B.C.’s drug overdose death toll climbs to 488

Fraser region accounts for most deaths so far this year, province deregulates naloxone

Fentanyl pills seized by police.

The drug overdose crisis has claimed 488 lives in B.C. in the first eight months of the year up until the end of August, according to new statistics released by the B.C. Coroners Service.

The number of deaths from opioid overdoses was down slightly from 55 in July to 49 in August, and is well off the peak of 81 in January.

Chief coroner Lisa Lapointe noted for the first time this year, the deaths in August were down from the same month in 2015.

“Without the work that has been done to increase the availability of this antidote to opioid overdoses, I fear we would have seen many more deaths,” Lapointe said. “But no one should ever assume that the presence of naloxone at a scene will automatically mean a good outcome.”

The Fraser Health region accounted for 172 illicit drug overdose deaths from January through August, or 35 per cent of the provincial total.

There were 113 drug deaths in Vancouver Coastal, 93 on Vancouver Island, 80 in the Interior and 30 in the Northern health region.

The largest numbers of deaths by city have been in Vancouver (96 so far in 2016), Surrey (62), Victoria (39), Kelowna (27), Abbotsford and Kamloops (at 23 each), Maple Ridge and Nanaimo (20 each), and Langley (19).

The 488 deaths in total in B.C. so far is up 62 per cent from the same period of 2015.

The biggest increase in the rate of deaths occurred on Vancouver Island, where there was a 135 per cent increase. Vancouver Island also had the highest rate of deaths as a proportion of the population – 18.1 deaths per 100,000 people so far this year.

The powerful synthetic opioid fentanyl was detected in more than 60 per cent of deaths this year, twice the rate of 2015.

There have been an average of 37 fentanyl-linked overdose deaths per month this year.

The most common drug overdose combination has been cocaine mixed with fentanyl, officials said.

A multi-prong response strategy has been underway since the province declared a public health emergency in April and created a dedicated task force in July.

In the latest move, the health ministry approved a request to deregulate and unschedule naloxone, allowing the life-saving overdose treatment to be sold at more locations.

Work continues to try to block fentanyl production and distribution, increase harm-reduction options and increase the number of addiction recovery beds.

More than 2,100 no-charge take-home naloxone kits have been used to reverse overdoses out of more than 13,700 distributed.

Posters and now videos are being released to make recreational drug users more aware of the risks they face.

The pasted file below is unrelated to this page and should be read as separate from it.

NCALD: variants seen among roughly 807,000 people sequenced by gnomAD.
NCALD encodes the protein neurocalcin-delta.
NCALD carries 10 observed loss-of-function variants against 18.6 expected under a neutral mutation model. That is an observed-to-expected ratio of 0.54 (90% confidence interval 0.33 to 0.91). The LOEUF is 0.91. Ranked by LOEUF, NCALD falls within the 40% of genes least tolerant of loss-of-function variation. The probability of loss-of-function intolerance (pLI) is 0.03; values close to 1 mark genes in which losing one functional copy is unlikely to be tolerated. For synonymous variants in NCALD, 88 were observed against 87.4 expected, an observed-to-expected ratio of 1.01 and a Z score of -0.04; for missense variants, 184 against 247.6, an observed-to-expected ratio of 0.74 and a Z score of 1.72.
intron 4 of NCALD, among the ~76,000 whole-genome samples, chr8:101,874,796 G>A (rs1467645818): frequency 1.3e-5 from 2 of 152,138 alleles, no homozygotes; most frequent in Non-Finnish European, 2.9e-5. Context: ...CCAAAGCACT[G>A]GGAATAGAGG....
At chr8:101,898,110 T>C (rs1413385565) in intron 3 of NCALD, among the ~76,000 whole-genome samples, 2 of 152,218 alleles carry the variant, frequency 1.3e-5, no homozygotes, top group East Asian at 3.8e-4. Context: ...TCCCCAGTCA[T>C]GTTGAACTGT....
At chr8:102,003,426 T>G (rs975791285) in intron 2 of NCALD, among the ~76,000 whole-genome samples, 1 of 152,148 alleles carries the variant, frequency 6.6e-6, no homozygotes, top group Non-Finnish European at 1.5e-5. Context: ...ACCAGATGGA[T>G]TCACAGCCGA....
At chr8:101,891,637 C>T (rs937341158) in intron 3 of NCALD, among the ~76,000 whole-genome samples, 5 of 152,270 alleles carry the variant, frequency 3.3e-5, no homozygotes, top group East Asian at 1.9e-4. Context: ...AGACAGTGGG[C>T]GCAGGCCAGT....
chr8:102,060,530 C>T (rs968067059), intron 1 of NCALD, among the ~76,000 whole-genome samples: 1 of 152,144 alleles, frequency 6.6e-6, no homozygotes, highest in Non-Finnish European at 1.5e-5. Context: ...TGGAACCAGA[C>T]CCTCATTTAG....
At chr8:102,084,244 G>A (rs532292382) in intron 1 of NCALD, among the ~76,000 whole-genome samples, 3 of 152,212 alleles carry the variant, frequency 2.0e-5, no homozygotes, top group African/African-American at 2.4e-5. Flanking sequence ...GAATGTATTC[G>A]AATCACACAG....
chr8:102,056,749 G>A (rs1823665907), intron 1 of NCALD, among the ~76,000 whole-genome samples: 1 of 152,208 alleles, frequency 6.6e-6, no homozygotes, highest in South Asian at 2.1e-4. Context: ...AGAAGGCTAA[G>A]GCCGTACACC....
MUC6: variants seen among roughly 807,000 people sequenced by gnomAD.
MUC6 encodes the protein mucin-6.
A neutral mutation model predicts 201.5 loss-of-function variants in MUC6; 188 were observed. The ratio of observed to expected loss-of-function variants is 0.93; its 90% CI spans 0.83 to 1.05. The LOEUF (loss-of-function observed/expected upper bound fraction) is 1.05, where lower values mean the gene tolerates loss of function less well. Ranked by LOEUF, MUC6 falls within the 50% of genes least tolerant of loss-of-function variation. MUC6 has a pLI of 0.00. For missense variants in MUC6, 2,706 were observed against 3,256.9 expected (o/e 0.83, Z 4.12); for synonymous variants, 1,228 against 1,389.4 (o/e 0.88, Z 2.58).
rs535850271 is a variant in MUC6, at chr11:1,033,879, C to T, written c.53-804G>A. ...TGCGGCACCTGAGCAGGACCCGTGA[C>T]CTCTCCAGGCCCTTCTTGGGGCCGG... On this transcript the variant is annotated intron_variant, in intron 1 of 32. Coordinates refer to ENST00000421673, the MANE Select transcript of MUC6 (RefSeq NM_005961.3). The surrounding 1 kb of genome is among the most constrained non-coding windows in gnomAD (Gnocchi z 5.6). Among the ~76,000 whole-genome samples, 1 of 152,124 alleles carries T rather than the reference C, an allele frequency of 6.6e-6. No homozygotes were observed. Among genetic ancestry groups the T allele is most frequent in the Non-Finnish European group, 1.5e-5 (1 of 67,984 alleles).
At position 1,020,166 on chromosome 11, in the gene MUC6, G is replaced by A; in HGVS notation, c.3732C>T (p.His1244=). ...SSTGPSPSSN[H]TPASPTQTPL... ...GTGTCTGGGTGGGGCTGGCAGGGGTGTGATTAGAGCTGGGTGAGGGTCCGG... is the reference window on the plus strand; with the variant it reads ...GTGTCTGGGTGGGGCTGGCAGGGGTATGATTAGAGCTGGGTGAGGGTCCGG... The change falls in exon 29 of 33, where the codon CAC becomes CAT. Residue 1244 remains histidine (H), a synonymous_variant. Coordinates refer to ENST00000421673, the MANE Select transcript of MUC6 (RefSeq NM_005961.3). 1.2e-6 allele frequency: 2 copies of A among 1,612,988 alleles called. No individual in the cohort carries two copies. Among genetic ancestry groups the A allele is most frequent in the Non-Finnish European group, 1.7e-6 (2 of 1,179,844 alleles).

A new video features Leslie McBain, founder of support group Moms Stop the Harm, who lost her son Jordan to an overdose.

“It can happen to anyone’s child,” said McBain. “Education and awareness are at present the best tools we have for reducing drug harms including death.”

Vancouver Coastal Health is applying to Health Canada to add more safe consumption sites in the region.

Health officials in B.C. have complained the federal process for approving new harm reduction sites has been too onerous and slow since new legislation restricting them was passed by the former Conservative government in 2015.

Just Posted

B.C. oil tanker ban squeaks through final vote in Senate

Bill C-48 bars oil tankers from loading at ports on B.C’s north coast

Mill undergoing four-week shutdown

Canfor closing other mills as well

Fish ban plan on ice for now

Bulkley, Morice closures were on the table

Club buys mountain bikes for community use

Exercise and club growth are twin goals

Cut stumpage, keep people working, says Rustad

Reducing the carbon tax and stumpage fees might help out struggling forestry… Continue reading

Protesters rally in Victoria over newly approved Trans Mountain pipeline

The Still No Consent! No Trans Mountain! 20 kilometre march will end at Island View Beach

Wildfire burning in coastal forest

A fire beside the Sea to Sky Highway is burning up a steep slope

PHOTOS: Event marks one year since soccer team rescued from Thai cave

Nine players and coach took part in marathon and bike event to help improve conditions at cave

Rock climber dies after fall at Stawamus Chief in Squamish

The man had fallen about 30 metres while climbing in the Grand Wall area

Five B.C. students taken to hospital after playing with vaping device

School district said students were taken to hospital ‘out of an abundance of caution’

Being a pot dealer is not what it used to be

Sunday Big Read: the business of selling marijuana in B.C. is a slow bureaucratic slog

VIDEO: Two more pride flags have been stolen from Langley woman

Lisa Ebenal was “angry” and “fed up” after the latest theft. Then people started showing suppport

B.C. couple who has raised 58 children turns to community amid cancer diagnosis

Family who raised, fostered and adopted many kids hoping to gain some precious together time to fight cancer

Canucks acquire forward J.T. Miller from Lightning

J.T. Miller, 26, had 13 goals and 34 assists for the Lightning last season

Most Read